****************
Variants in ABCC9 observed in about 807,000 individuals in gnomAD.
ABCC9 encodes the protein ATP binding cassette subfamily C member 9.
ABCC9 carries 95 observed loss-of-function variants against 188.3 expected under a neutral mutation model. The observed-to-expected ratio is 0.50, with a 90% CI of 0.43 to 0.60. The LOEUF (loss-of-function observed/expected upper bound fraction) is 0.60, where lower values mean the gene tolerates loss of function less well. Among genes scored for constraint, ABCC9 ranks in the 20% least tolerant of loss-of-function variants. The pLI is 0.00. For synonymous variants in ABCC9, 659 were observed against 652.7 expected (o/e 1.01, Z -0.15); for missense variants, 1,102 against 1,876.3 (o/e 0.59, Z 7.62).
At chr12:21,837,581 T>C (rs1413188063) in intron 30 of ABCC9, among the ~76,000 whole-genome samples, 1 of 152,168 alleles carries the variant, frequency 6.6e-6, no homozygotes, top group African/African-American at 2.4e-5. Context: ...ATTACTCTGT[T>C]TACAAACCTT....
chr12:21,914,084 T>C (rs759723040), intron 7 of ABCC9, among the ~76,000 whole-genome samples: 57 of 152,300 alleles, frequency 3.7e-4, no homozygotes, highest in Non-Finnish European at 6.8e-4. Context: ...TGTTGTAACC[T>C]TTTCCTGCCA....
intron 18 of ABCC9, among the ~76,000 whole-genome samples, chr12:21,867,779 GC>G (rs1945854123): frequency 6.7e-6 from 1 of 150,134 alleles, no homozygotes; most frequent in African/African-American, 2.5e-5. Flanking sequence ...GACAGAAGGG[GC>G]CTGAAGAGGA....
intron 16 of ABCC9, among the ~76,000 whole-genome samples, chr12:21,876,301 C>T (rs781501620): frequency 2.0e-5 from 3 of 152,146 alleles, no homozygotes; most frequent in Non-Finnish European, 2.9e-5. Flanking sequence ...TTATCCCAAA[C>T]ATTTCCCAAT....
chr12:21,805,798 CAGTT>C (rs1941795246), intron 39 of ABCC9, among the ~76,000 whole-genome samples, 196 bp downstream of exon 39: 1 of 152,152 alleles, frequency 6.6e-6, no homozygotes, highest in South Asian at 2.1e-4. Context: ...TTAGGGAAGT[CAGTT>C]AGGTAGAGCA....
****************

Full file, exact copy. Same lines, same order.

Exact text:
Variants in ABCC9 observed in about 807,000 individuals in gnomAD.
ABCC9 encodes the protein ATP binding cassette subfamily C member 9.
ABCC9 carries 95 observed loss-of-function variants against 188.3 expected under a neutral mutation model. The observed-to-expected ratio is 0.50, with a 90% CI of 0.43 to 0.60. The LOEUF (loss-of-function observed/expected upper bound fraction) is 0.60, where lower values mean the gene tolerates loss of function less well. Among genes scored for constraint, ABCC9 ranks in the 20% least tolerant of loss-of-function variants. The pLI is 0.00. For synonymous variants in ABCC9, 659 were observed against 652.7 expected (o/e 1.01, Z -0.15); for missense variants, 1,102 against 1,876.3 (o/e 0.59, Z 7.62).
At chr12:21,837,581 T>C (rs1413188063) in intron 30 of ABCC9, among the ~76,000 whole-genome samples, 1 of 152,168 alleles carries the variant, frequency 6.6e-6, no homozygotes, top group African/African-American at 2.4e-5. Context: ...ATTACTCTGT[T>C]TACAAACCTT....
chr12:21,914,084 T>C (rs759723040), intron 7 of ABCC9, among the ~76,000 whole-genome samples: 57 of 152,300 alleles, frequency 3.7e-4, no homozygotes, highest in Non-Finnish European at 6.8e-4. Context: ...TGTTGTAACC[T>C]TTTCCTGCCA....
intron 18 of ABCC9, among the ~76,000 whole-genome samples, chr12:21,867,779 GC>G (rs1945854123): frequency 6.7e-6 from 1 of 150,134 alleles, no homozygotes; most frequent in African/African-American, 2.5e-5. Flanking sequence ...GACAGAAGGG[GC>G]CTGAAGAGGA....
intron 16 of ABCC9, among the ~76,000 whole-genome samples, chr12:21,876,301 C>T (rs781501620): frequency 2.0e-5 from 3 of 152,146 alleles, no homozygotes; most frequent in Non-Finnish European, 2.9e-5. Flanking sequence ...TTATCCCAAA[C>T]ATTTCCCAAT....
chr12:21,805,798 CAGTT>C (rs1941795246), intron 39 of ABCC9, among the ~76,000 whole-genome samples, 196 bp downstream of exon 39: 1 of 152,152 alleles, frequency 6.6e-6, no homozygotes, highest in South Asian at 2.1e-4. Context: ...TTAGGGAAGT[CAGTT>C]AGGTAGAGCA....